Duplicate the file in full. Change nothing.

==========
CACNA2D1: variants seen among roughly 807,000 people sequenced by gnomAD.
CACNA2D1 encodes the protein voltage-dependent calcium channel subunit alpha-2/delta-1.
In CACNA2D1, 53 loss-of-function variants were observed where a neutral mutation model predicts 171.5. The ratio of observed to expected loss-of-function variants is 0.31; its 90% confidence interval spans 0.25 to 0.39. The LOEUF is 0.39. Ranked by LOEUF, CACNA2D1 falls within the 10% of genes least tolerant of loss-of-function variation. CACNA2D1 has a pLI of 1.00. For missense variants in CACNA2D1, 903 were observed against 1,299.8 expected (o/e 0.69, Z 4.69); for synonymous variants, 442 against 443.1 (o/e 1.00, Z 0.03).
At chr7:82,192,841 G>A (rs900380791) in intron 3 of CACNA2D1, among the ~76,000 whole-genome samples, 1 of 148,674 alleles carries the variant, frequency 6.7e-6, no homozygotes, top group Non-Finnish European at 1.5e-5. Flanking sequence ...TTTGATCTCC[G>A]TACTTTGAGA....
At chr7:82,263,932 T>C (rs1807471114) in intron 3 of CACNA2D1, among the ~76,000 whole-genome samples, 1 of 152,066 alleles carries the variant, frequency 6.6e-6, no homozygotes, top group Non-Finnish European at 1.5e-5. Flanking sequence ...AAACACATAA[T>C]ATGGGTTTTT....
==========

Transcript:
CACNA2D1: variants seen among roughly 807,000 people sequenced by gnomAD.
CACNA2D1 encodes the protein voltage-dependent calcium channel subunit alpha-2/delta-1.
In CACNA2D1, 53 loss-of-function variants were observed where a neutral mutation model predicts 171.5. The ratio of observed to expected loss-of-function variants is 0.31; its 90% confidence interval spans 0.25 to 0.39. The LOEUF is 0.39. Ranked by LOEUF, CACNA2D1 falls within the 10% of genes least tolerant of loss-of-function variation. CACNA2D1 has a pLI of 1.00. For missense variants in CACNA2D1, 903 were observed against 1,299.8 expected (o/e 0.69, Z 4.69); for synonymous variants, 442 against 443.1 (o/e 1.00, Z 0.03).
At chr7:82,192,841 G>A (rs900380791) in intron 3 of CACNA2D1, among the ~76,000 whole-genome samples, 1 of 148,674 alleles carries the variant, frequency 6.7e-6, no homozygotes, top group Non-Finnish European at 1.5e-5. Flanking sequence ...TTTGATCTCC[G>A]TACTTTGAGA....
At chr7:82,263,932 T>C (rs1807471114) in intron 3 of CACNA2D1, among the ~76,000 whole-genome samples, 1 of 152,066 alleles carries the variant, frequency 6.6e-6, no homozygotes, top group Non-Finnish European at 1.5e-5. Flanking sequence ...AAACACATAA[T>C]ATGGGTTTTT....